Elementary is just a no for me. They're too young, too tiny, my personality doesn't work with that. And within K-6th there's so much difference. My friends has taught all grades, but mostly 2nd and 3rd. I remember once she said her 3rd graders could understand and appreciate a little joking sarcasm, but 2nd graders just wouldn't get it.
     
  7. K-5_teacherguy

    K-5_teacherguy Companion

    Joined:
    Dec 7, 2014
    Messages:
    192
    Likes Received:
    41

    Nov 13, 2015

    I teach 5th grade and really enjoy it. I can be myself around them which is nice. They can be immature at times, but I feel like high schoolers would be too.
     
  8. czacza

    czacza Multitudinous

    Joined:
    Sep 30, 2001
    Messages:
    24,959
    Likes Received:
    2,115

    Nov 13, 2015

    You won't coach as an elementary teacher. Maybe middle school?
     
  9. Teacherman17

    Teacherman17 Rookie

    Joined:
    Nov 12, 2015
    Messages:
    5
    Likes Received:
    0

    Nov 13, 2015

    Thank you guys...I have seen a few people say I can't coach high school without teaching High School, but I am in Ga and here, all you need is a teaching certificate to coach. Any grade. I can teach pre-K in Ga, and can be a high school coach. This, I have verified. In fact, one of the coaches on our local high school staff, teaches and has taught, at the elementary school here for 15 years.

    I think Im gonna lean towards middle to high school. I just don't think I will have the patience for the little ones. I am not going to make ANY decision until I go and observe SEVERAL days at each level. I just have to KNOW when I go into it, that I am going to be comfortable with what I'm doing. As an older student, I don't have the luxury of trying it AFTER getting my degree and then finding out that I don't like it. I cant change my career choice again after this. I think observing several days at each level, and at different grades, will help me to make up my mind. I just think is the smart thing to do.
     
  10. DizneeTeachR

    DizneeTeachR Virtuoso

    Joined:
    Mar 10, 2003
    Messages:
    6,809
    Likes Received:
    190

    Nov 15, 2015

    Like the others talk to some teachers...go in and observe. I know when I was in college I volunteered a couple hours a week in one classroom... I knew I wanted to work with younger students.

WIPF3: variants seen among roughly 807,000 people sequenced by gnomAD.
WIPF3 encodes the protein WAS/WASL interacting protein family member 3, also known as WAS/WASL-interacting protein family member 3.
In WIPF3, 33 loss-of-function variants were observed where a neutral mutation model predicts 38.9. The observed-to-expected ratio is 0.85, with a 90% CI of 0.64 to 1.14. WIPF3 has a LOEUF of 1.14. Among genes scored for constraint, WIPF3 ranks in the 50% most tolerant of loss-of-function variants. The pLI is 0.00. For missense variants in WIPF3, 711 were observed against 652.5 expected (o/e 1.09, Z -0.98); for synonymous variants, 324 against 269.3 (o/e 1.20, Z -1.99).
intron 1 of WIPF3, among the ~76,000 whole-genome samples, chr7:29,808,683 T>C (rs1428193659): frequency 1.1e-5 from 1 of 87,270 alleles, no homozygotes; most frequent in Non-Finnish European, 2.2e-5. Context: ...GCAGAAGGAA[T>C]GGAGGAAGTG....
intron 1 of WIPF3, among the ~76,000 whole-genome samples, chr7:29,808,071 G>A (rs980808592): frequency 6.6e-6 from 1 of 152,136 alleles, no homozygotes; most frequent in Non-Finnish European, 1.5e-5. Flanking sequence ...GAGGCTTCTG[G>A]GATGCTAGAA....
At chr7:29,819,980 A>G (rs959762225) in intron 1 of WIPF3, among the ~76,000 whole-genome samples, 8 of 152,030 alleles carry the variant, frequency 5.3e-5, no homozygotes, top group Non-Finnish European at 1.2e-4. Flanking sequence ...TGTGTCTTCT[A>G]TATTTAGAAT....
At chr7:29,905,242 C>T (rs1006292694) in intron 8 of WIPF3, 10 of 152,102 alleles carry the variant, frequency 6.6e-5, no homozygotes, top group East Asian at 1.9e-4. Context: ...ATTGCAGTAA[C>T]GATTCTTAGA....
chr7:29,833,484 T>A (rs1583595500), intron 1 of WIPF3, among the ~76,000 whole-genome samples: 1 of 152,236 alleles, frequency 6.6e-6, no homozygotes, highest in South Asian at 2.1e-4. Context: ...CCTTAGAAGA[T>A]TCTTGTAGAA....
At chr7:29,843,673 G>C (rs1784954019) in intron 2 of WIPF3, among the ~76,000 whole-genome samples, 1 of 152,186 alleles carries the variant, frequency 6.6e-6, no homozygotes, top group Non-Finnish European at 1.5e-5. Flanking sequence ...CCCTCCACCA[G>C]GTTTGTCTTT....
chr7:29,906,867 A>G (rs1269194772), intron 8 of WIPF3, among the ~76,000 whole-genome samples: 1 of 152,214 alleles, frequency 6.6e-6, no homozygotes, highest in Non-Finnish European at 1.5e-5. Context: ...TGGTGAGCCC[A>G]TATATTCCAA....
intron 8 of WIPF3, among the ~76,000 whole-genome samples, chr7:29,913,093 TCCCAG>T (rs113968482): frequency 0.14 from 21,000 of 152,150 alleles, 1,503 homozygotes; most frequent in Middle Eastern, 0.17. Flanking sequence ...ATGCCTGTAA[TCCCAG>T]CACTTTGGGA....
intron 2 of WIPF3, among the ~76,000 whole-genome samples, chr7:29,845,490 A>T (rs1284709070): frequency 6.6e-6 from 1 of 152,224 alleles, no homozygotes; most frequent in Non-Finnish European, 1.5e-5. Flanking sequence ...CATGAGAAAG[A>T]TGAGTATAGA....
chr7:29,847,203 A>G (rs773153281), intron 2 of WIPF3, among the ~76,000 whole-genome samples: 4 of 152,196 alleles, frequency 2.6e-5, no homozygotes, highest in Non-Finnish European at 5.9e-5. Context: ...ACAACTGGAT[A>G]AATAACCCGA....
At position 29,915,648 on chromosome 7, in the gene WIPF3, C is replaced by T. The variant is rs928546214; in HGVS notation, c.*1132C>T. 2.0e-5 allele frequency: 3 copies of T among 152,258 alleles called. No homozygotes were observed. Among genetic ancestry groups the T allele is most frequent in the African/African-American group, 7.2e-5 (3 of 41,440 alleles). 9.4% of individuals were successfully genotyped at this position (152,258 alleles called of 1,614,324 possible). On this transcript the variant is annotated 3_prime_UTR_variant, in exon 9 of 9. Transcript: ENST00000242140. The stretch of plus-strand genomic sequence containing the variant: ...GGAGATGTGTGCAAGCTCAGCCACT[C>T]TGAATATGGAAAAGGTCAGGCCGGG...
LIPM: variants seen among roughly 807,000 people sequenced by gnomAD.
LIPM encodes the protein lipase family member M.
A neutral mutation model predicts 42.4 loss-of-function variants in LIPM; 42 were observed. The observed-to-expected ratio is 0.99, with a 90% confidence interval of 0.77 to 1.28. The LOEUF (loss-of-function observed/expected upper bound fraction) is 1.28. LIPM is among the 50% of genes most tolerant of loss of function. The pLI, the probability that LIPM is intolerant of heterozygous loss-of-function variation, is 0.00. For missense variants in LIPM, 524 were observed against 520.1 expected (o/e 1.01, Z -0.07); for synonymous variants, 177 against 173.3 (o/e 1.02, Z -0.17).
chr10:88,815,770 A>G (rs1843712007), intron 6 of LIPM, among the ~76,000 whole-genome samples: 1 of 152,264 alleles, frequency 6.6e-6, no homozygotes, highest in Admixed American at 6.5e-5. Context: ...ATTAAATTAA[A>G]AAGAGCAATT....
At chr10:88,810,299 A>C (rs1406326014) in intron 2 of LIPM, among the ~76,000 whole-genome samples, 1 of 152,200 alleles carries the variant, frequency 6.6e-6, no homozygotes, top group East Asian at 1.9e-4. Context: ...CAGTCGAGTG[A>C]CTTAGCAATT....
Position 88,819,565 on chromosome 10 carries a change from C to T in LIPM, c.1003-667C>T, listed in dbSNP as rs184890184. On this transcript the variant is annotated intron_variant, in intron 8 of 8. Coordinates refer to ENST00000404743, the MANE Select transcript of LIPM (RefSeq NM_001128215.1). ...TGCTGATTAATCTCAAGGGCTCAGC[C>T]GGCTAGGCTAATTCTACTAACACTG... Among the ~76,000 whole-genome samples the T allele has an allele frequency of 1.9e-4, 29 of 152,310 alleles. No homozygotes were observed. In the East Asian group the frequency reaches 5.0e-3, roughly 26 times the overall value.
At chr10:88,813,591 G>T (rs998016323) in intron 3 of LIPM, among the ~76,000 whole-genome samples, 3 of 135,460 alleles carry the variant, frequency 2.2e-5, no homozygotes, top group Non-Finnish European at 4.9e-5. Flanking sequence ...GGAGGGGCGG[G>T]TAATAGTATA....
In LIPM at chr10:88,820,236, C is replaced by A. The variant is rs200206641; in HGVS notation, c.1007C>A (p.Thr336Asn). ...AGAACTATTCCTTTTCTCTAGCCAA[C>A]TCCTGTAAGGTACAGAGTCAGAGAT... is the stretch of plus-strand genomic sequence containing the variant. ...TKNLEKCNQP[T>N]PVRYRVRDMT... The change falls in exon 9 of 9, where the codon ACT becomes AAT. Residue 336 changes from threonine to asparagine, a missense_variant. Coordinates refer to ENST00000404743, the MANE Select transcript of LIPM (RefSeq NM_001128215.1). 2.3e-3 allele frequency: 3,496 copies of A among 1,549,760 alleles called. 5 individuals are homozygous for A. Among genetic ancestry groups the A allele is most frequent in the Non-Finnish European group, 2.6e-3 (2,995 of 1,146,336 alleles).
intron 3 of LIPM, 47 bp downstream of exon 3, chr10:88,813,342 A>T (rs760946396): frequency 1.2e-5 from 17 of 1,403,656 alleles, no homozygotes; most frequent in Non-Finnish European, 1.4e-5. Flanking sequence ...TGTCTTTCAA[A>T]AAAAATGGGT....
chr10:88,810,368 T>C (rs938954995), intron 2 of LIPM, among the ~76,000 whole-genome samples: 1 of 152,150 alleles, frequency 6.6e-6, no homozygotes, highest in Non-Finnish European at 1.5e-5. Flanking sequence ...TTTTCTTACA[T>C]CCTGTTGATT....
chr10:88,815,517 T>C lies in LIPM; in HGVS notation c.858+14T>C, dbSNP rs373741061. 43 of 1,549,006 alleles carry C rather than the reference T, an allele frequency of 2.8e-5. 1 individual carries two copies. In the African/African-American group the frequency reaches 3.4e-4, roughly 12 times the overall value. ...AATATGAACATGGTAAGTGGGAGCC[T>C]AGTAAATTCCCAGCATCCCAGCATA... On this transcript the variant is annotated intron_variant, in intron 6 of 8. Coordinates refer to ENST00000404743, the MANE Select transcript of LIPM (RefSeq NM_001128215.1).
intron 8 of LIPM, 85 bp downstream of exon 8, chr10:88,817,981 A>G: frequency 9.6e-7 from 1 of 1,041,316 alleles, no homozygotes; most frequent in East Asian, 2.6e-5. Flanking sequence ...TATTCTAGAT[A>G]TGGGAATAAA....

11. Special-t

    Special-t Enthusiast

    Joined:
    Jun 1, 2008
    Messages:
    2,019
    Likes Received:
    19

    Nov 15, 2015

    I started older too. I love teaching high school. Have you thought about special ed? The job market is usually good and a more mature teacher sometimes handles the unique stressors well. A few of our sped teachers also coach. Its awesome because it breaks down walls of stereotypes for the students when sped teachers coach.
     
  12. Teacherman17

    Teacherman17 Rookie

    Joined:
    Nov 12, 2015
    Messages:
    5
    Likes Received:
    0

    Nov 15, 2015

    I actually HAVE thought about Special Ed. I have a friend in another state who is a principal and she told me the exact same thing that you did.
     
  13. teacherintexas

    teacherintexas Maven

    Joined:
    Jul 7, 2005
    Messages:
    5,280
    Likes Received:
    748

    Nov 15, 2015

    We have an elementary teacher who coaches two high school sports. It's not an ideal situation but it seems to be working.
     
  14. gr3teacher

    gr3teacher Phenom

    Joined:
    Sep 13, 2013
    Messages:
    4,307
    Likes Received:
    887

    Nov 15, 2015

    One thing I'll say... if you have a teaching position, it will never be anything like babysitting, regardless of how old the kids are.

    There's no real way for somebody else to tell you what you'll enjoy. Me personally, I could never, ever teach middle school, and I'd probably be pretty cruddy teaching any grades between 7 and 11.
     
  15. Teacherman17

    Teacherman17 Rookie

    Joined:
    Nov 12, 2015
    Messages:
    5
    Likes Received:
    0

    Nov 17, 2015

    Here we go...this is what I'm looking for. Can you give me reasons WHY you don't think you could teach 7-12?
     
  16. PatTm

    PatTm Rookie

    Joined:
    Mar 18, 2015
    Messages:
    22
    Likes Received:
    1

    Nov 20, 2015

    Observe at a lot of places whether through school, volunteering, etc. I just don't mean levels I mean different schools (public vs private) type of community (urban vs suburban vs small town) school size (that ones self explanatory).

    I had one good community service experience that turned me onto teaching and I wanted to recreate that experience (middle-school, large amount of students, mixed community, team teaching). Ended up somewhere completely different after a few different jobs and my current job is a great fit.